9-Year-Old Boy Writes a Heartbreaking Letter About Living With Anxiety and Depression
A harrowing letter was published in the Independent this week, written by a young boy suffering from depression and anxiety. In the letter, he describes a typical day in his life and it makes for tough reading.
Hello my name is Paul and this is a day in the life of me. When I wake up there’s this horrible feeling down inside me but I don’t know what it is. I normally say to myself you have to keep on going, I normally also say is it worth it.
I could just kill myself. I wouldn’t have to face today. I feel so tired because I have sleeping problems (I take melotonin). At school I use my chewy gum, ear defenders and wobble cushion to keep calm.
My friend gets bullied a lot so I have to stop them since they are my ‘friends’. At night going to sleep is horrible. I think it’s what death must feel like. I normally fall asleep, at about 10 o’clock.
The nine-year-old boy is currently waiting to receive confirmation of a diagnosis of autism which in the UK through the NHS can take up to two years. He, unfortunately, did not meet the requirements for treatment for the NHS children’s mental health service. Meanwhile a local charity has offered Paul talking therapy which according to his parents has helped their son however they fear what will happen when the weekly sessions are withdrawn.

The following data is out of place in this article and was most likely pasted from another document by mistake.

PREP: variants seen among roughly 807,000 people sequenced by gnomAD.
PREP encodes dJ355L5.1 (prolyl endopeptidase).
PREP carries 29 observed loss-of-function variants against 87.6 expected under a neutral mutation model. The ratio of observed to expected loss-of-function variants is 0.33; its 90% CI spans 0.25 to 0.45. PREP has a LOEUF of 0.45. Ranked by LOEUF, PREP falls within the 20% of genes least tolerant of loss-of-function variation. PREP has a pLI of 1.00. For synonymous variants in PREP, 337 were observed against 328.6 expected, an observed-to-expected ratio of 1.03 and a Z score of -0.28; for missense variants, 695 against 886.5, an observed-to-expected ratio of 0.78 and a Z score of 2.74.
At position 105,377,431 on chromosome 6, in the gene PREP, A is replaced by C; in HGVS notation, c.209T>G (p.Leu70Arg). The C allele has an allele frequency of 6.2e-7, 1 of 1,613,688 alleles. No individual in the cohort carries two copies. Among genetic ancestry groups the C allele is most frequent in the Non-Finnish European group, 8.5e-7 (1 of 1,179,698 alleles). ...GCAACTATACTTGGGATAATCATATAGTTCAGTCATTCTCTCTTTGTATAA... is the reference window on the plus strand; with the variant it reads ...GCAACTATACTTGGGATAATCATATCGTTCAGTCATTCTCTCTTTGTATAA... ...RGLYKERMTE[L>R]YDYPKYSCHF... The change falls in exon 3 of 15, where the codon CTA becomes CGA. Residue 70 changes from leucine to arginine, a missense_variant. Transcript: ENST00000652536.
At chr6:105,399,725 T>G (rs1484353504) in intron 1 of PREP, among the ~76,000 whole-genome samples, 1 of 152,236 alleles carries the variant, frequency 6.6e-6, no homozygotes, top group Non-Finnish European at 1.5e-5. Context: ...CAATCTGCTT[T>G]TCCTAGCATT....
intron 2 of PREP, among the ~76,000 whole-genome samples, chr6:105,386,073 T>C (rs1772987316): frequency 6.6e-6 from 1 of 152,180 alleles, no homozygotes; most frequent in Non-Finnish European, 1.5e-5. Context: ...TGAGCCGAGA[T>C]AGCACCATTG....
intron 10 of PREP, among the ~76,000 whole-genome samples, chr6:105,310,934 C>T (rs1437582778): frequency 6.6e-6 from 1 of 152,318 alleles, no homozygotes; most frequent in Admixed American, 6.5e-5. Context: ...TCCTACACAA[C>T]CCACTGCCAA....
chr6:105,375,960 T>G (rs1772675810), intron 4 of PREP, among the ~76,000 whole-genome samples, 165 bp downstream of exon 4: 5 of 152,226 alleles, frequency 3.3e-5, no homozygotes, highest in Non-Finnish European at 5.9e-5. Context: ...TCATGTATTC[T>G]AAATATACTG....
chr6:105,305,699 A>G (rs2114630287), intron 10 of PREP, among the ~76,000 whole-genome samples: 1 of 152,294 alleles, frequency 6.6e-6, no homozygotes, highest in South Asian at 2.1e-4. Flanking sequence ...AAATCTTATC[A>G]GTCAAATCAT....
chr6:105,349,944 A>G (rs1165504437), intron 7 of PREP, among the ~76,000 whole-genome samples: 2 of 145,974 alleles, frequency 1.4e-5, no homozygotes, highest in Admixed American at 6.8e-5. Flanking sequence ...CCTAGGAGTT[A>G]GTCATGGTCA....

Paul's mother Claire told the newspaper:
"He’s not being diagnosed [with autism or depression] because the system is broken."
"Children are being failed. There is no one helping them because no one wants to talk about children’s mental health. If he broke his arm you wouldn’t leave him, so why do we think that mental health is going to get better on its own?"
The family live in Norfolk and their local MP has met with authorities regarding the case and has campaigned for improvements in the children's mental health services.
“A lot of people ask, ‘What has a nine-year-old got to be depressed about?’ But it’s real,” said Claire.
“I don’t want him to be depressed; we are not a depressed family, we work hard.”
According to a 2012 report by the HSE
"16,664 Irish children (1.45% of population under 18 yrs.) are availing of Community Child and Adolescent Mental Health Services. All community CAMHS teams screen children and adolescents referred to their services on the basis of the urgency of need. Children and adolescents in need of an urgent appointment are seen as a high priority while those with a lower acuity need may have to wait for longer. 45% of referrals are seen within 1 month of referral."
Visit The Child and Adolescent Mental Health Services for more information.